"Lack of a good finisher has haunted Vietnam for more than 10 years,” Erick continued. “I also can't stress enough how weakness in aerial defense has cost Vietnam so far. UAE are a team that rarely use aerial attacks as their weapon but the first time they used it, Vietnam conceded what would eventually be the winning goal for the visitors.
Where do we even begin with my own national team? Goal.com Indonesia's deputy editor Agung Harsya wonders: "Is there another country with a situation worse than Indonesia?"
Before the match, Indonesia's scheduled friendly against Jordan remained uncertain. Just two days before the match they finally flew to Amman, where a jack of fitness and cold weather contributed to a 5-0 loss.
"The result made fans pessimistic. In Dubai, Indonesia played with solid defending and 'only' lost 1-0 to a young Iraqi team. But a loss is a loss," exclaimed Agung.
It didn't end there. The day after, the Indonesian FA (PSSI) appointed Luis Manuel Blanco as new head coach to replace Nil Maizar. This came without the approval of the PSSI executive committee, but instead as a recommendation from Indonesia's President Susilo Bambang Yudhoyono. With the feud between the PSSI and ‘breakaway’ association KPSI still unresolved, the Indonesian government has gotten involved in a move that could hasten a FIFA suspension.
|A more united Southeast Asia
With our weaknesses acknowledged, the next step forward is to improve the quality of football in SEA and address each nation’s issues whether it's a lack of quality domestic competition, poor infrastructure and organization, or simply a gap in physical talent.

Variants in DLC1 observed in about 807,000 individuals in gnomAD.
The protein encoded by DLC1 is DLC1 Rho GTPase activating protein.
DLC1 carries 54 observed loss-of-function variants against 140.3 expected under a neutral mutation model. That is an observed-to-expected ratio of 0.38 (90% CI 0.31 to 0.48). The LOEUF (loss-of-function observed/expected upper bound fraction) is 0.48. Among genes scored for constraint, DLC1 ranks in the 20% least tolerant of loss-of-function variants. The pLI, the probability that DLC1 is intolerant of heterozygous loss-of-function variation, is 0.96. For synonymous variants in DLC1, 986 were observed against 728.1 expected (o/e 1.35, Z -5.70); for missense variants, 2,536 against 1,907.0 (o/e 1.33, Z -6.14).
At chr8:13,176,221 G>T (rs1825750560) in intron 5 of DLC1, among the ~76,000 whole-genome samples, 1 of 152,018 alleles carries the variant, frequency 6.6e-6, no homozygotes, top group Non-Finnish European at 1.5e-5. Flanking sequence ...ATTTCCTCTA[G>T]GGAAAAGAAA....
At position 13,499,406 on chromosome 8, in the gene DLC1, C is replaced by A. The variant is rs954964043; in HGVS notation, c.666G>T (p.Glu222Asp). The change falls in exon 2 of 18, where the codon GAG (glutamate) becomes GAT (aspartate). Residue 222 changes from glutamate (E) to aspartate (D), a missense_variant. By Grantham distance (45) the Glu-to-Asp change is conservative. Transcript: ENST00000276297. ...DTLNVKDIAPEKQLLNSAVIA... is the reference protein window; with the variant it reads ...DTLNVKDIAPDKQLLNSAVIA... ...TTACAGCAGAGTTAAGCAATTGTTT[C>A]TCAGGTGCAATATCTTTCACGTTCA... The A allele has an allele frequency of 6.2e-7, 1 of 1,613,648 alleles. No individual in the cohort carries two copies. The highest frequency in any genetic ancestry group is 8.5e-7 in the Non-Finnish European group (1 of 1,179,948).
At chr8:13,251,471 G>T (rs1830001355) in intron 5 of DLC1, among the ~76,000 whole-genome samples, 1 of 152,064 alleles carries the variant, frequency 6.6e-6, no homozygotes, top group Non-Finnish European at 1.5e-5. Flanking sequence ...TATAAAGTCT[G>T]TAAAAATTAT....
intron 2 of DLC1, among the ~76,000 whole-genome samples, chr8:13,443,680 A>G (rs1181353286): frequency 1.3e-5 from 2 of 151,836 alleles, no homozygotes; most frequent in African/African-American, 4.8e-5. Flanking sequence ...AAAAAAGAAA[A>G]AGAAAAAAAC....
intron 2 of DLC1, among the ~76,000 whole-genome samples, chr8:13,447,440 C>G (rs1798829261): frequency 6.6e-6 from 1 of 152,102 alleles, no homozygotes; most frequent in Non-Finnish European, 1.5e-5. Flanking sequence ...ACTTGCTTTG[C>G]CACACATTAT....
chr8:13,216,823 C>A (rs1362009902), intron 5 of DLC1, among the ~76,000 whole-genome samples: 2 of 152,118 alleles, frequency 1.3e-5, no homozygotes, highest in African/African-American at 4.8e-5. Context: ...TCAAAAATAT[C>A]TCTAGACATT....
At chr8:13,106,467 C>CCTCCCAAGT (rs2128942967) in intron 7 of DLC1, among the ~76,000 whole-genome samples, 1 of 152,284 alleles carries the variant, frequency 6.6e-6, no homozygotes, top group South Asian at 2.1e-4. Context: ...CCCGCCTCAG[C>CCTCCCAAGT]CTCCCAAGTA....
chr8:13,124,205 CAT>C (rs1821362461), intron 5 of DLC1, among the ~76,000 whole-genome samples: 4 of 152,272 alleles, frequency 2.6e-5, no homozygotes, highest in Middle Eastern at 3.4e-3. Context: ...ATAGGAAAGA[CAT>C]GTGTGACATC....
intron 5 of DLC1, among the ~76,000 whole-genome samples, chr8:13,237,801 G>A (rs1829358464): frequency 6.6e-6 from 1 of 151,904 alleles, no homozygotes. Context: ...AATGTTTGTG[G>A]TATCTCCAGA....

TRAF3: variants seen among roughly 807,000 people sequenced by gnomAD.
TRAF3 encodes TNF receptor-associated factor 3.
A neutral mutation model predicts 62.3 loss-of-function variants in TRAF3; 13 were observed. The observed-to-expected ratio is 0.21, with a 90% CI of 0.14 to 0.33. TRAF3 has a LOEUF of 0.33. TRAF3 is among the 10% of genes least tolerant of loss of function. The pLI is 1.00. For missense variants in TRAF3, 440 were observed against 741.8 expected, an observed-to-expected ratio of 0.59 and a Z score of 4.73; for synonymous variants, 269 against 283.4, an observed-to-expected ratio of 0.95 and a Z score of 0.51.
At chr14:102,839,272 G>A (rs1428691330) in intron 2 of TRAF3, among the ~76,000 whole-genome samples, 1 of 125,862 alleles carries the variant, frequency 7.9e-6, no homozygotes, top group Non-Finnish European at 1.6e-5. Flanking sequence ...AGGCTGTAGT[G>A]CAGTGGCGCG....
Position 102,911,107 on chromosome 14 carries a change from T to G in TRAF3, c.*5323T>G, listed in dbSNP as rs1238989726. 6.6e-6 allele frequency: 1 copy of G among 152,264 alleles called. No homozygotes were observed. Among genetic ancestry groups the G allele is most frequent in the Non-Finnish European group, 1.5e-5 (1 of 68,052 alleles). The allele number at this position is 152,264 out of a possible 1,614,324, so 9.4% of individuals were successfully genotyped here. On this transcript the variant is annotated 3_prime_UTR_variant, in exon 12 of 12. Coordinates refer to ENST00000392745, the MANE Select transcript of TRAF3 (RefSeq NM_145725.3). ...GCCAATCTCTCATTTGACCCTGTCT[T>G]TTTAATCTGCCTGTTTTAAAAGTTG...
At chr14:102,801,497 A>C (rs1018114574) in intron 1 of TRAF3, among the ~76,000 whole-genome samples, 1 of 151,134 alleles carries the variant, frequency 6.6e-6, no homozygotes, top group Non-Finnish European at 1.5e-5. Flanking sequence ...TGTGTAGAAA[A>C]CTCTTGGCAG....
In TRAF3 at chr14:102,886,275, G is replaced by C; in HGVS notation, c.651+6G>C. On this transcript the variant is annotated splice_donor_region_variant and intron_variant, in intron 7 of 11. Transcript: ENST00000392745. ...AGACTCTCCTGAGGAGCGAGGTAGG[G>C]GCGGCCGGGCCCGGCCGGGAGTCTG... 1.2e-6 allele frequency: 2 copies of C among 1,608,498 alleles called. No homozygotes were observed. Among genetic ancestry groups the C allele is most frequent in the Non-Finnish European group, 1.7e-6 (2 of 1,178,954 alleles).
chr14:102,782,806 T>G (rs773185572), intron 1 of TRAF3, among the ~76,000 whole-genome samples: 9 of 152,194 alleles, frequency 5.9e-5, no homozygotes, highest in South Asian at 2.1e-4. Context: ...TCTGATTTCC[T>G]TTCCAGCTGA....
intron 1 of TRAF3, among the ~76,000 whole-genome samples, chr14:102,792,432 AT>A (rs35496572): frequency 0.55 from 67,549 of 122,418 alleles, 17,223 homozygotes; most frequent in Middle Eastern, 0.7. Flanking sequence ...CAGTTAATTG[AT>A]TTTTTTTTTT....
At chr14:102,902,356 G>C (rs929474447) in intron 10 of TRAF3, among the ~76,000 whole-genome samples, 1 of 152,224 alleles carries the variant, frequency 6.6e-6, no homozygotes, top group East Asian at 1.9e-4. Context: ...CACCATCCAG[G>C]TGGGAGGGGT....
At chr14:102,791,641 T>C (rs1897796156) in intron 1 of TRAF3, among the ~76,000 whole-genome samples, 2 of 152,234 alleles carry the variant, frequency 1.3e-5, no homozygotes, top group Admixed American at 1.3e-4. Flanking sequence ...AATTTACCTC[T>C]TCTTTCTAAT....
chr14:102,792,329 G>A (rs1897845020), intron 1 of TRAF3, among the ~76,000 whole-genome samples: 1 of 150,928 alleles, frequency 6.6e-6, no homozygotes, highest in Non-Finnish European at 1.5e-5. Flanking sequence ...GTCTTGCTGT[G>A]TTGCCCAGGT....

|Chelsea on Friday announced their 2013 summer tour
to Indonesia, Malaysia and Thailand.
But there is still hope in a region that is arguably the most passionate about football, with many of its 600 million people in love with the game. It’s hardly a surprise that English Premier League teams and other top European clubs come to Bangkok, Kuala Lumpur, Singapore and Jakarta for their pre-season friendlies.
But passion is not enough when our own football needs to improve, and it’s clear that Southeast Asia’s football can only be improved collectively, not individually. In order to match the quality of East and West Asia, we need to help each other first. The AFF, as the top organisation in our region, plays an important role in this. Imagine if a competition could improve the quality of our football in the long run, allowing federations to collaborate and collectively raise the standard of the game in our region.
And this brings us to our next topic of discussion: could an ASEAN Super League be capable of doing just that?
To be continued...